Academic journal article Health Sociology Review

How Do Anonymous Sperm Donors Signal Credibility through Their Self-Presentations?

Academic journal article Health Sociology Review

How Do Anonymous Sperm Donors Signal Credibility through Their Self-Presentations?

Article excerpt

David is a 24 year-old electronic engineer studying for his M.A. He is 5'10¼' tall, weighing 173 pounds, of athletic build; his eyes are green and his hair is light brown. His astrological sign is Scorpio, his favourite cuisines are Thai and Italian, his favourite book is 1984. His favourite colour is blue, and he likes dogs. His mother is a teacher and her lasagna is great! His father is a cardiologist who enjoys playing baseball. His grandfather was a pilot who later became a politician and a businessman. His grandmother was a senior administrator; she remarried at the age of 78. David goes on vacation to exotic places and likes sports such as basketball and rappelling. If you were searching for a sperm donor, would you feel confident believing David's selfpresentation?

Most commercial sperm banks allow sperm donation users to choose their desired genetic material by viewing online donor profiles (Almeling, 2006, 2011; Kroløkke, 2009). Commercial sperm bank websites offer online donor catalogues which include standard profiles (basic information about height, weight, eye and hair colour), and also extended profiles for extra payment (USD 19-30). These information packages include photos (baby /childhood/adult), hand-written essays, and audiotape interviews with the donor as additional cues to his qualities. After the genetic screening phase, each donor is requested to fill out a lengthy questionnaire and to provide extensive information on the following areas: personality, intelligence, hobbies, likes and dislikes, sports played, and so on. Some banks require additional information about the donor's parents, grandparents, siblings and uncles/aunts. Donors receive some USD 75-100 for each vial, and therefore are likely to present themselves as positively as possible and in a credible way. But how are donors able to add credibility to their profiles, given the anonymity constraints governing a large proportion of the sperm donation industry? What tactics can they use in order to create impressions of their genetic material as high quality? How do they compensate for the anonymity constraints? This article presents a content analysis of donor profiles from nine commercial sperm banks in Europe and North America with the goal of addressing these hitherto unstudied questions.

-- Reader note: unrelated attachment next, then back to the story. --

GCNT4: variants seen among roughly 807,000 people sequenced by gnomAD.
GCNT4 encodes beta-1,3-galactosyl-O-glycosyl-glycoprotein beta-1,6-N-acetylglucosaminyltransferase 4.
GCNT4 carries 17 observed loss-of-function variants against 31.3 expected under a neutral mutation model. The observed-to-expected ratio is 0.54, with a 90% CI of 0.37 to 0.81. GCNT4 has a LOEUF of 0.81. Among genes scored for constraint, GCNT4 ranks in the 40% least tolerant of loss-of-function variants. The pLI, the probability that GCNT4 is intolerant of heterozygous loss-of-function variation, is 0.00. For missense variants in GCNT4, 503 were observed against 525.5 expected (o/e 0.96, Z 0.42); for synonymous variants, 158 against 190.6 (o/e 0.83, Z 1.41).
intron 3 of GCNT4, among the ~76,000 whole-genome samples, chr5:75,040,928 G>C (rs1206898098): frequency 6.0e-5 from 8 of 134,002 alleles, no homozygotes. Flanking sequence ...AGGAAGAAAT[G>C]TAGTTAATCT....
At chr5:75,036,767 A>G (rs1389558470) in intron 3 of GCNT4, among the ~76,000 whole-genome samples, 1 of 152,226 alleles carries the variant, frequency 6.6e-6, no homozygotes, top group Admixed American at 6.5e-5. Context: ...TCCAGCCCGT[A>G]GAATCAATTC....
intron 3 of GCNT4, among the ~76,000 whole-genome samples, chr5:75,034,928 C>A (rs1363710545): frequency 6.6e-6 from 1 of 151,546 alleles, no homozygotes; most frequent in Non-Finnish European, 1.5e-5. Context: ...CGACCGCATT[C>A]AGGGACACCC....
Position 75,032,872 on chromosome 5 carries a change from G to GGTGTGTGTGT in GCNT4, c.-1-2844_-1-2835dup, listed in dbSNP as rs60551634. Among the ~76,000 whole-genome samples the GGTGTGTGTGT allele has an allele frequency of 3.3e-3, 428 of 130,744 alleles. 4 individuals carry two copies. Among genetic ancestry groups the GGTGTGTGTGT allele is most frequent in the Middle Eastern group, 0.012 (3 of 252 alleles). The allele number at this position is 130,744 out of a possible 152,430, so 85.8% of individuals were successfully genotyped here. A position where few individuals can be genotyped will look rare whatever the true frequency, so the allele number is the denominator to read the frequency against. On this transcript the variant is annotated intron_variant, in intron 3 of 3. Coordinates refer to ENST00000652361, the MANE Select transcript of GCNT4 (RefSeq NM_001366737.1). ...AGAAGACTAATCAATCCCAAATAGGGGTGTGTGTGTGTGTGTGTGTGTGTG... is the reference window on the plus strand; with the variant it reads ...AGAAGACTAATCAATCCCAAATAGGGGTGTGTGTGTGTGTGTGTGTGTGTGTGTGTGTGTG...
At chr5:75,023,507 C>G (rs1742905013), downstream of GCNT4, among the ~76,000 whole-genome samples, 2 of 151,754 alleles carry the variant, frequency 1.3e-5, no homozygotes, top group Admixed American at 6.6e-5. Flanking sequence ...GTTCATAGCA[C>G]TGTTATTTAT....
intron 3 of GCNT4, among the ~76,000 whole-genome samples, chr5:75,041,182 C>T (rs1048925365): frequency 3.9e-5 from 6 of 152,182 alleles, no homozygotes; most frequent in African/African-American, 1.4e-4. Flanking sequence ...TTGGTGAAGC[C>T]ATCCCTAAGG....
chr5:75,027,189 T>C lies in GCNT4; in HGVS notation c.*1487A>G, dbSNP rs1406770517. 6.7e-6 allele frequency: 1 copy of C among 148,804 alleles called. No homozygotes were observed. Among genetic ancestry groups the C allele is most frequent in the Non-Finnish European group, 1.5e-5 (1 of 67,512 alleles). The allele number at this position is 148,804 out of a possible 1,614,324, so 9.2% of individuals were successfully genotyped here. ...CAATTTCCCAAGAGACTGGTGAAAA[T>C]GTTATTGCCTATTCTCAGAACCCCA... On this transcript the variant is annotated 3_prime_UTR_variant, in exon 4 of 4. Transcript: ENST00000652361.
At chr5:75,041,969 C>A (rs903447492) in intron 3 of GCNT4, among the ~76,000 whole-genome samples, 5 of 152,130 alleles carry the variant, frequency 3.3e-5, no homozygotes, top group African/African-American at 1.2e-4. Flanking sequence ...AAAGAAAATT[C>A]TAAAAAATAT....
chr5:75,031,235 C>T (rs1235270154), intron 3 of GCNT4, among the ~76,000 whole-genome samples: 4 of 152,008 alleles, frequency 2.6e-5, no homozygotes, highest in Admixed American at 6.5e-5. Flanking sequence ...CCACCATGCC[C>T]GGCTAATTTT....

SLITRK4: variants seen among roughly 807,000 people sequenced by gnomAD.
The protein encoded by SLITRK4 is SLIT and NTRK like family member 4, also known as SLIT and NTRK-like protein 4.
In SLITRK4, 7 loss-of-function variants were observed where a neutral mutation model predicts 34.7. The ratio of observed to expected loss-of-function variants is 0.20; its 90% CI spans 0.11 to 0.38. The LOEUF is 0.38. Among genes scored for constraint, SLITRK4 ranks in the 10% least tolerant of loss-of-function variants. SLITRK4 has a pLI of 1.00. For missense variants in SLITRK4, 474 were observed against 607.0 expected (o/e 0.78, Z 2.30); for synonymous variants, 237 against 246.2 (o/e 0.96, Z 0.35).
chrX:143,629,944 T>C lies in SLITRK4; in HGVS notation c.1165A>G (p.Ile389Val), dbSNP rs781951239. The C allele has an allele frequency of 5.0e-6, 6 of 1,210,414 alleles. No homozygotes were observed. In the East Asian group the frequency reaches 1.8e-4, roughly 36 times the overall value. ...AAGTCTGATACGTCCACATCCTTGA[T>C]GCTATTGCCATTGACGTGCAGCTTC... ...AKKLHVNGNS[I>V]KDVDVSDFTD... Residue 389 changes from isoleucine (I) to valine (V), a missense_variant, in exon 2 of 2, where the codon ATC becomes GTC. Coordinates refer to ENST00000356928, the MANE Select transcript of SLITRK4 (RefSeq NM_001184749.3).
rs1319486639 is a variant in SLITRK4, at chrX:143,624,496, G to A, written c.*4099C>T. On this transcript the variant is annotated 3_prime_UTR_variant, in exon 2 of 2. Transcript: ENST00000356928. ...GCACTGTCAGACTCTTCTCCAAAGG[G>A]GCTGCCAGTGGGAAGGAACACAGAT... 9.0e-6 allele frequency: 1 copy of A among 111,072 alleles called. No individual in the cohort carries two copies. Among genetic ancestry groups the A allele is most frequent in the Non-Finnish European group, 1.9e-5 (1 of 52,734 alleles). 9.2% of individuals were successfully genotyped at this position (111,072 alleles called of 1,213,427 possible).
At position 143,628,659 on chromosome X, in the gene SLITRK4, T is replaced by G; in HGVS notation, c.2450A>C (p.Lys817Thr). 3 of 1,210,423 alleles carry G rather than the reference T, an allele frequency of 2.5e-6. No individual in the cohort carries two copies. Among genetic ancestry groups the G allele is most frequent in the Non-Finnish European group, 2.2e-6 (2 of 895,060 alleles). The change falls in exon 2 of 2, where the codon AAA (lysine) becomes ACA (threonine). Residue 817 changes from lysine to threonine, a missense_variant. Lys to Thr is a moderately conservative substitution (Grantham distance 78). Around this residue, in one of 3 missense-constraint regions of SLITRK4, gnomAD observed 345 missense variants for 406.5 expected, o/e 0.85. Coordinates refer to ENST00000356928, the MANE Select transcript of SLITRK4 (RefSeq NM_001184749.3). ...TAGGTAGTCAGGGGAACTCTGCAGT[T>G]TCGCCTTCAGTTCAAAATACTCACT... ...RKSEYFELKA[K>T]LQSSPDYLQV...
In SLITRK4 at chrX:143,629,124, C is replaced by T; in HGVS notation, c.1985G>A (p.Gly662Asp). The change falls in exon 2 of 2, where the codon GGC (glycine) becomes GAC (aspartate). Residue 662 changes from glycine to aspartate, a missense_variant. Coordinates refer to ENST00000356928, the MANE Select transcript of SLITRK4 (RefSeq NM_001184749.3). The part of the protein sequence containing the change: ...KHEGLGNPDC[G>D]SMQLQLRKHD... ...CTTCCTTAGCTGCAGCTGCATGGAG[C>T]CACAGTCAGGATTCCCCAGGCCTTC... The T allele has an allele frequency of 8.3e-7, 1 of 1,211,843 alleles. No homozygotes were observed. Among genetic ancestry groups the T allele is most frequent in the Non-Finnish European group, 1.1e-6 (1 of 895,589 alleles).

From an economic perspective, the commercial donor sperm industry is typically framed as a laissez-faire market with only minor legislative intervention, mostly operating in American settings. Donors are selected after an examination of their semen quality and then screened for HIV, viral hepatitis, and other blood-borne and sexually transmitted diseases. The American Society for Reproductive Medicine and the American Fertility Society provide guidelines regarding genetic testing and limit the number of pregnancies achieved using the same sperm; however, in many clinics these guidelines have no legally binding validity and are treated as recommendations only. The scarcity of state or federal regulation means the sperm industry is considered by some to represent the 'Wild West' (Spar 2006): a free market regulated by profit-driven, cost-benefit considerations (Almeling, 2006; Pietrzak, 2012).

Sociological aspects of the interface between society and genetics

Sociological literature on the relationships between genetics and society focuses mainly on identity themes, such as the various ways in which individuals may interpret and respond to practices of genetic testing and the impact of genetic properties on human behaviour (Hauskeller et al., 2013); a related topic is the extent to which genetic information is used - and potentially abused - as a source of power and control (Raman & Tutton, 2010). The extant sociological literature on sperm donation is based on pioneering studies of donors' motives (cf. Almeling, 2011; Émon, 2012) which are shown to be mainly economic, alongside an interest to helping those who cannot conceive fulfil their desire for a baby. …

Search by... Author
Show... All Results Primary Sources Peer-reviewed

Oops!

An unknown error has occurred. Please click the button below to reload the page. If the problem persists, please try again in a little while.